Tag Archives: zadie smith

The Euro View On Best Euro Fiction

Michael Stein at Czech Position has a worthwhile reaction to the American reaction to the Best European Fiction series from Dalkey Archive.

It gets down to that old experiment/nonexperimental debate that was had upon the publication of Best European Fiction 2010, thanks to odd remarks made by Aleksandr Hemon in his introduction and press interviews and Zadie Smith in her preface to the volume. I think Stein is a little hard on Ruth Franklin, who was one of the few critics astute enough to point out the incoherence in Hemon’s and Smith’s statements vis a vis Euro literature, but he does give her credit. He also rightly tags Smith:

Unfortunately, the debate (in so far as their was one) was obscured by some of Hemon and Smith’s initial statements. Franklin rightly points out Smith’s peculiar mention of O. Henry as somehow representing a model of American writing, together with Hemingway. What seems even more off-key though is the list of models Smith provides as a European contrast – “Barth, Barthelme, Beckett, Kafka, Sebald.”

Barth? Barthelme? Did Smith compile this list on an American college campus that has a “European” feel and get it confused with the real thing. I would venture to guess that not only don’t most of the writers included in BEF have a list of models that looks anything like this, but that a good number of them have only the vaguest idea who Barthelme is and assume Barth is a misspelling of Barthes (when, as Milan Kundera well knows, it obviously refers to Karl Barth, the inventor of negative theology).

Smith’s list of models could be that of a reasonably well-read and above-average cosmopolitan American MFA student, a fact which Franklin pounces on to make her point that we are all in the same (literary) gang. But ask a Russian, Polish, Spanish or Icelandic writer about their literary models, or simply read the stories presented most recently in BEF 2011 and you will see that this notion of a global literature is an easily punctured myth.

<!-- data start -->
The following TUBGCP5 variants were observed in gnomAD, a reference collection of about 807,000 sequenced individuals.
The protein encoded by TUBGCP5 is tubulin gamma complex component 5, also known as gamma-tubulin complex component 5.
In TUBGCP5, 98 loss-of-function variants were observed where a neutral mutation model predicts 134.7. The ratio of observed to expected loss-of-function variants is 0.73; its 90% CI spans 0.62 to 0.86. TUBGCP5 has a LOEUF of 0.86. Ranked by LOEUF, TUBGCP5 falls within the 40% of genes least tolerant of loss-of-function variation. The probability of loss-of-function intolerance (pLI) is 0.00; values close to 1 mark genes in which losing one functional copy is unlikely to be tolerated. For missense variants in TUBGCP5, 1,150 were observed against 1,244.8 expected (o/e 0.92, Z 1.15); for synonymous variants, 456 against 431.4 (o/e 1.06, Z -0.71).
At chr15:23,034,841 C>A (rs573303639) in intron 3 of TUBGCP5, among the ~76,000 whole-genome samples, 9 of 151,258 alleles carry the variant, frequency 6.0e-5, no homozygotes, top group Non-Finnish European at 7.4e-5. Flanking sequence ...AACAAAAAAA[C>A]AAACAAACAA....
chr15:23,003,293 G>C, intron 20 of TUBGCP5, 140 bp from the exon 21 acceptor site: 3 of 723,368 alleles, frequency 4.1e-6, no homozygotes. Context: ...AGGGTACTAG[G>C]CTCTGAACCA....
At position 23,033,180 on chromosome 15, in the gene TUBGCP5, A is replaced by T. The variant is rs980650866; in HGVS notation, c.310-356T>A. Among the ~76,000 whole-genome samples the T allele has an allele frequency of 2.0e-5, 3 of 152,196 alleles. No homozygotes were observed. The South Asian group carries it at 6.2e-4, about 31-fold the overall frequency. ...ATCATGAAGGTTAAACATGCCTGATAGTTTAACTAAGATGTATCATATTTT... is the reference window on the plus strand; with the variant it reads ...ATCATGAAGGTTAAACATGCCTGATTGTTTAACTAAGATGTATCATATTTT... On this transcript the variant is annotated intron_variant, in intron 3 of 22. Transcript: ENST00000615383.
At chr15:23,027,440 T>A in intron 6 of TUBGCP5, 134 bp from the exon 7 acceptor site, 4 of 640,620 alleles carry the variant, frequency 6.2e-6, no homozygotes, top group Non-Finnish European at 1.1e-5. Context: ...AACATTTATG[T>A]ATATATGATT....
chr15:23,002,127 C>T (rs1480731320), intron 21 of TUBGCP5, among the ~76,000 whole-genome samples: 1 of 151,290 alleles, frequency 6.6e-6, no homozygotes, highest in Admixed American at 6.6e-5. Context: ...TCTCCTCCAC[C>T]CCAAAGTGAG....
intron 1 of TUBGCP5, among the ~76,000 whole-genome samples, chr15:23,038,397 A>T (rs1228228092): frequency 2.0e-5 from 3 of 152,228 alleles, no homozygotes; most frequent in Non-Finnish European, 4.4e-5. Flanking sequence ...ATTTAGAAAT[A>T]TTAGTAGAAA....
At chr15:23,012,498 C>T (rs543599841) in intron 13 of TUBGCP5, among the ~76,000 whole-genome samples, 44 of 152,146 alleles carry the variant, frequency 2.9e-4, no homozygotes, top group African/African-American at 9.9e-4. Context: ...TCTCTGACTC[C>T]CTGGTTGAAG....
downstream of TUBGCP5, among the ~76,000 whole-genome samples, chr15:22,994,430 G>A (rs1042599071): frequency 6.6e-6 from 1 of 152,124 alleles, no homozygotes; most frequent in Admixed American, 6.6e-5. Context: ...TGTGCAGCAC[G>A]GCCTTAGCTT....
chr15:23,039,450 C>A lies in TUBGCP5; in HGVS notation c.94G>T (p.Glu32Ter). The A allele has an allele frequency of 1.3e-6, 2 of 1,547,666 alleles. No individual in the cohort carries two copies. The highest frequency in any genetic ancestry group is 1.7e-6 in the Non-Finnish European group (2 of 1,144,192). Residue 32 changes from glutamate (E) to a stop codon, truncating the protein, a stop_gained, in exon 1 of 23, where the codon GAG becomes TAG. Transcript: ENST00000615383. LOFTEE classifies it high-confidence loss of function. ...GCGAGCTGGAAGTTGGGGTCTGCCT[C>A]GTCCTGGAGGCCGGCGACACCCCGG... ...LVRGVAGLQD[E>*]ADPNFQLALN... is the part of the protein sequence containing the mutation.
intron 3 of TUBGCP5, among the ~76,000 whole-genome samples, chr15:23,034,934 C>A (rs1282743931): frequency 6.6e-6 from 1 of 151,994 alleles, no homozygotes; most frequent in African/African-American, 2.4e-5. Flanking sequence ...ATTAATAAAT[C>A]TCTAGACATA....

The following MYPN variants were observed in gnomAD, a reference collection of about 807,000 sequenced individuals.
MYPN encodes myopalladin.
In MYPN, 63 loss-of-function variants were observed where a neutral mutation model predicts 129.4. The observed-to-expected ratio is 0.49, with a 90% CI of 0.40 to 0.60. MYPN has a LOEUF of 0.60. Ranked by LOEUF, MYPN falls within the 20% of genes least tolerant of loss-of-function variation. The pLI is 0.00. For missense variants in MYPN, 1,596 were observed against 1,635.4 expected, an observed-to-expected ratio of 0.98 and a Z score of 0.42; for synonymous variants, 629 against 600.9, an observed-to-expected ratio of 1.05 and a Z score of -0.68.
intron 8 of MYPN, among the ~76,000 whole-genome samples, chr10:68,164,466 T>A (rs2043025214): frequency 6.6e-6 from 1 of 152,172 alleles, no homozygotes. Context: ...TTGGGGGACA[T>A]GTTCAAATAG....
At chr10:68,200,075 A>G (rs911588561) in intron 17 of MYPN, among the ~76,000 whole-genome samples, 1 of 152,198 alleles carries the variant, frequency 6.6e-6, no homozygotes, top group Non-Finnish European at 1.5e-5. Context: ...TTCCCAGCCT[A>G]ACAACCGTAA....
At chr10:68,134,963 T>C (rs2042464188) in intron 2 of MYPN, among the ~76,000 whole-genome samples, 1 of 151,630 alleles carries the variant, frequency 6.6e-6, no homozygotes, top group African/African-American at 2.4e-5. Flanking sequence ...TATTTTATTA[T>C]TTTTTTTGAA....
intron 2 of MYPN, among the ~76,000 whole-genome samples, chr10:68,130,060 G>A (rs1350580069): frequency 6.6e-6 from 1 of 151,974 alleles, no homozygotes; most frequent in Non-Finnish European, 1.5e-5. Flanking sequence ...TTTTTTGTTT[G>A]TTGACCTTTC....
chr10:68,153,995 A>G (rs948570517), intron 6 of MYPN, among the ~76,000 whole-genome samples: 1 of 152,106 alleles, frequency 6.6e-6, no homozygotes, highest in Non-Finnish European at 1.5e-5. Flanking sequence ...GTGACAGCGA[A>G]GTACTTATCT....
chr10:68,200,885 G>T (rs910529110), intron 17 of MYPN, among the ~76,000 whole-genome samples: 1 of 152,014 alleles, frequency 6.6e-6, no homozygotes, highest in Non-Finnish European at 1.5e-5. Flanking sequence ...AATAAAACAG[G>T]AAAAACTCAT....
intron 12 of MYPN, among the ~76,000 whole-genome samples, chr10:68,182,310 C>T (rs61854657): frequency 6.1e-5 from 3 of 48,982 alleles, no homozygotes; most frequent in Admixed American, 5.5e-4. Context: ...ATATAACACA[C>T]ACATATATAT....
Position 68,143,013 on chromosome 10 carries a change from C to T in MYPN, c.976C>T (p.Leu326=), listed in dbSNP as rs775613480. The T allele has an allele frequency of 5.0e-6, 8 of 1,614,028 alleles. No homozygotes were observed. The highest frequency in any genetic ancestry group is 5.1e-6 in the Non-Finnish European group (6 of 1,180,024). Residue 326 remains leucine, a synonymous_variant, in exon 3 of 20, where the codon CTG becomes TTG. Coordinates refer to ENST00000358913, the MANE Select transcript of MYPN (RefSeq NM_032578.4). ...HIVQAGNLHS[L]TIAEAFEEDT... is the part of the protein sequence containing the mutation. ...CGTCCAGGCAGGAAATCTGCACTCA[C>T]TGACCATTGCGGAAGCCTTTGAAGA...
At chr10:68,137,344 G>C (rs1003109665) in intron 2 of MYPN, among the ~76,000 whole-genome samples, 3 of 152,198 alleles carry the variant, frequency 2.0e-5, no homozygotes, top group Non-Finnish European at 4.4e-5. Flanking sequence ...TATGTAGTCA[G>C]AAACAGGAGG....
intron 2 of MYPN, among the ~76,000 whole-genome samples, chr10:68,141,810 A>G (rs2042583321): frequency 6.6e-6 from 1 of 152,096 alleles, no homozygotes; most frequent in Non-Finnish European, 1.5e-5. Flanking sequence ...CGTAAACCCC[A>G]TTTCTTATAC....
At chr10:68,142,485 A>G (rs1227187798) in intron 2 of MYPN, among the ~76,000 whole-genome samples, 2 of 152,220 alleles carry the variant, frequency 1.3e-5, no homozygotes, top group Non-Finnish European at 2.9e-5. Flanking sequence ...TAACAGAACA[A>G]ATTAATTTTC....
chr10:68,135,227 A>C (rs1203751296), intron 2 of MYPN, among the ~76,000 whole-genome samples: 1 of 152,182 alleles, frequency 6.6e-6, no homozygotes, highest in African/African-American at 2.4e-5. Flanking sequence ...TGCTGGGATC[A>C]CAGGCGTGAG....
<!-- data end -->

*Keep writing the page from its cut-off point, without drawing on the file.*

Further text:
The whole article is well worth a read, as it offers a nice glimpse of how Europe views its literature, and U.S. literature. And I look forward to Stein’s promised second installment.

And though Stein doesn’t mention is Lauren Elkin’s long review of BEF 2010 at The Quarterly Conversation makes some worthy points in this debate. Among them:

Blending and diversity are inherently related to the art of translation; when you take something from one culture and transform it into another, both the source and the target cultures remain distinct and yet transformed. But for all this crossing and trespassing, this project has an air of an “us and them” mentality to it: “[T]ranslation has to be a ceaseless process,” Hemon writes. “Not only do we have to provide a continuous flow of literary texts from other languages into English, we also have to be able to monitor in real time, as it were, the rapid developments in European literatures.” Eventually, one assumes, this increased correspondence will break down the differences between European and non-European literature. Already the influences and tendencies that come through in this volume go beyond a strictly European literary heritage, making that organization of literature by geographical area—especially one as vast as Europe—seem more and more arbitrary. The choice, therefore, to privilege these hybridized stories seems to indicate that the breakdown has already begun, to such a point that it seems as odd a construct to talk about “European fiction” as it is to talk about “North American fiction,” or “Asian fiction.” The exchanges between these literary spaces don’t stop with the landmass of a continent. Especially not one as arbitrarily located as Europe: where does Europe stop and Eurasia begin? What of the tantalizing closeness of North Africa?

Zadie Smith on Leve, Etc